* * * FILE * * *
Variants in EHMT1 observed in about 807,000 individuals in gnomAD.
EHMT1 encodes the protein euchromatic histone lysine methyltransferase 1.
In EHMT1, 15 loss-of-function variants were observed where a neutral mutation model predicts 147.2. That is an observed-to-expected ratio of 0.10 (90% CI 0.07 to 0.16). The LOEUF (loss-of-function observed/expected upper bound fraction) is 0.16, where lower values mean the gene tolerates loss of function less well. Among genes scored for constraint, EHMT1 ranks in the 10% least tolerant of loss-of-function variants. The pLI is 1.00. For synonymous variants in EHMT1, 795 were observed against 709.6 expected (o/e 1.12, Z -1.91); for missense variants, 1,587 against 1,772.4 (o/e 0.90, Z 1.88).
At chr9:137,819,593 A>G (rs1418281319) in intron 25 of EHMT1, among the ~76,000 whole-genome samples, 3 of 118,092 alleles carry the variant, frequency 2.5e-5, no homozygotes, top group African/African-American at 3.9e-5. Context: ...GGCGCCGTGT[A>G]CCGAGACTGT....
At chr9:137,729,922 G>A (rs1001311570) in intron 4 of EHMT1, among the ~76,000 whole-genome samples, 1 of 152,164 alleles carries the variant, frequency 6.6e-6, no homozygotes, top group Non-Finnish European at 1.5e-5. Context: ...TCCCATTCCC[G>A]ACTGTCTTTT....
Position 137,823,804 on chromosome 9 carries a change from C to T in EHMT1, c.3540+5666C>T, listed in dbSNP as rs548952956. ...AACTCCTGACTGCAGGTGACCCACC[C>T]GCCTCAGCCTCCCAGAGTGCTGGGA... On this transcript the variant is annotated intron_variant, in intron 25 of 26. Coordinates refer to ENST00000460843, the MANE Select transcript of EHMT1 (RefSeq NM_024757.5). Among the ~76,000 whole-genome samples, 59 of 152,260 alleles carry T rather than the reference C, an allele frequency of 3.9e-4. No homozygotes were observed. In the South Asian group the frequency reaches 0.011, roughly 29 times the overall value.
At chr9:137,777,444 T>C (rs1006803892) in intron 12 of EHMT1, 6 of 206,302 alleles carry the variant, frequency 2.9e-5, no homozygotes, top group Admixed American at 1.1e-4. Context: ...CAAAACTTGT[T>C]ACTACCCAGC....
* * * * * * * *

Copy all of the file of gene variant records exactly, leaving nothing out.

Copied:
Variants in EHMT1 observed in about 807,000 individuals in gnomAD.
EHMT1 encodes the protein euchromatic histone lysine methyltransferase 1.
In EHMT1, 15 loss-of-function variants were observed where a neutral mutation model predicts 147.2. That is an observed-to-expected ratio of 0.10 (90% CI 0.07 to 0.16). The LOEUF (loss-of-function observed/expected upper bound fraction) is 0.16, where lower values mean the gene tolerates loss of function less well. Among genes scored for constraint, EHMT1 ranks in the 10% least tolerant of loss-of-function variants. The pLI is 1.00. For synonymous variants in EHMT1, 795 were observed against 709.6 expected (o/e 1.12, Z -1.91); for missense variants, 1,587 against 1,772.4 (o/e 0.90, Z 1.88).
At chr9:137,819,593 A>G (rs1418281319) in intron 25 of EHMT1, among the ~76,000 whole-genome samples, 3 of 118,092 alleles carry the variant, frequency 2.5e-5, no homozygotes, top group African/African-American at 3.9e-5. Context: ...GGCGCCGTGT[A>G]CCGAGACTGT....
At chr9:137,729,922 G>A (rs1001311570) in intron 4 of EHMT1, among the ~76,000 whole-genome samples, 1 of 152,164 alleles carries the variant, frequency 6.6e-6, no homozygotes, top group Non-Finnish European at 1.5e-5. Context: ...TCCCATTCCC[G>A]ACTGTCTTTT....
Position 137,823,804 on chromosome 9 carries a change from C to T in EHMT1, c.3540+5666C>T, listed in dbSNP as rs548952956. ...AACTCCTGACTGCAGGTGACCCACC[C>T]GCCTCAGCCTCCCAGAGTGCTGGGA... On this transcript the variant is annotated intron_variant, in intron 25 of 26. Coordinates refer to ENST00000460843, the MANE Select transcript of EHMT1 (RefSeq NM_024757.5). Among the ~76,000 whole-genome samples, 59 of 152,260 alleles carry T rather than the reference C, an allele frequency of 3.9e-4. No homozygotes were observed. In the South Asian group the frequency reaches 0.011, roughly 29 times the overall value.
At chr9:137,777,444 T>C (rs1006803892) in intron 12 of EHMT1, 6 of 206,302 alleles carry the variant, frequency 2.9e-5, no homozygotes, top group Admixed American at 1.1e-4. Context: ...CAAAACTTGT[T>C]ACTACCCAGC....